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Literary linguistics: Open Access research in English language

Strathprints makes available Open Access scholarly outputs by English Studies at Strathclyde. Particular research specialisms include literary linguistics, the study of literary texts using techniques drawn from linguistics and cognitive science.

The team also demonstrates research expertise in Renaissance studies, researching Renaissance literature, the history of ideas and language and cultural history. English hosts the Centre for Literature, Culture & Place which explores literature and its relationships with geography, space, landscape, travel, architecture, and the environment.

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The pole-sitter mission concept : an overview of recent developments and possible future applications

Ceriotti, Matteo and McInnes, Colin and Diedrich, Benjamin (2011) The pole-sitter mission concept : an overview of recent developments and possible future applications. In: 62nd International Astronautical Congress 2011, 2011-10-03 - 2011-10-07.

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Abstract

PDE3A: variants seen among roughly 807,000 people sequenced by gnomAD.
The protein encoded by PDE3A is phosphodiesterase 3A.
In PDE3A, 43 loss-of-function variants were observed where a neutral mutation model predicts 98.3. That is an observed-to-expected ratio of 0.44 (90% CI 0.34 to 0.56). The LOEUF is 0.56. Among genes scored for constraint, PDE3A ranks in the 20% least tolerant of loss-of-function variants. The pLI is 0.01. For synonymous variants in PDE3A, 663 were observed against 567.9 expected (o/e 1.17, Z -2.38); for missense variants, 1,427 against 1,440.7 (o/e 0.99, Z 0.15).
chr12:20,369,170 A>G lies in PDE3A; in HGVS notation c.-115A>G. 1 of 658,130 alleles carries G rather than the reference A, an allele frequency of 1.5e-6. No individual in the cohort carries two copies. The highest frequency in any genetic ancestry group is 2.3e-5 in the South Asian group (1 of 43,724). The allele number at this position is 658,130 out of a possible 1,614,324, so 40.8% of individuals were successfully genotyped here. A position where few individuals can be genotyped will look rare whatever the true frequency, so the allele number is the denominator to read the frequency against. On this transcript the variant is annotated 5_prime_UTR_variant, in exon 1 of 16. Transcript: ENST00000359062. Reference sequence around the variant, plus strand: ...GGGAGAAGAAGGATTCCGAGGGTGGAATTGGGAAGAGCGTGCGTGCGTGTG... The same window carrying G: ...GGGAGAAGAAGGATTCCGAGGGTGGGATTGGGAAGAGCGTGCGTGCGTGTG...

The paper provides a survey of novel mission concepts for continuous, hemispheric polar observation and direct-link polar telecommunications. It is well known that these services cannot be provided by traditional platforms: geostationary satellites do not cover high-latitude regions, while low- and medium-orbit Sun-synchronous spacecraft only cover a narrow swath of the Earth at each passage. Concepts that are proposed in the literature are described, including the pole-sitter concept (in which a spacecraft is stationary above the pole), spacecraft in artificial equilibrium points in the Sun-Earth system and non-Keplerian polar Molniya orbits. Additionally, novel displaced eight-shaped orbits at Lagrangian points are presented. For many of these concepts, a continuous acceleration is required and propulsion systems include solar electric propulsion, solar sail and a hybridisation of the two. Advantages and drawbacks of each mission concept are assessed, and a comparison in terms of high-latitude coverage and distance, spacecraft mass, payload and lifetime is presented. Finally, the paper will describe a number of potential applications enabled by these concepts, focusing on polar Earth observation and telecommunications.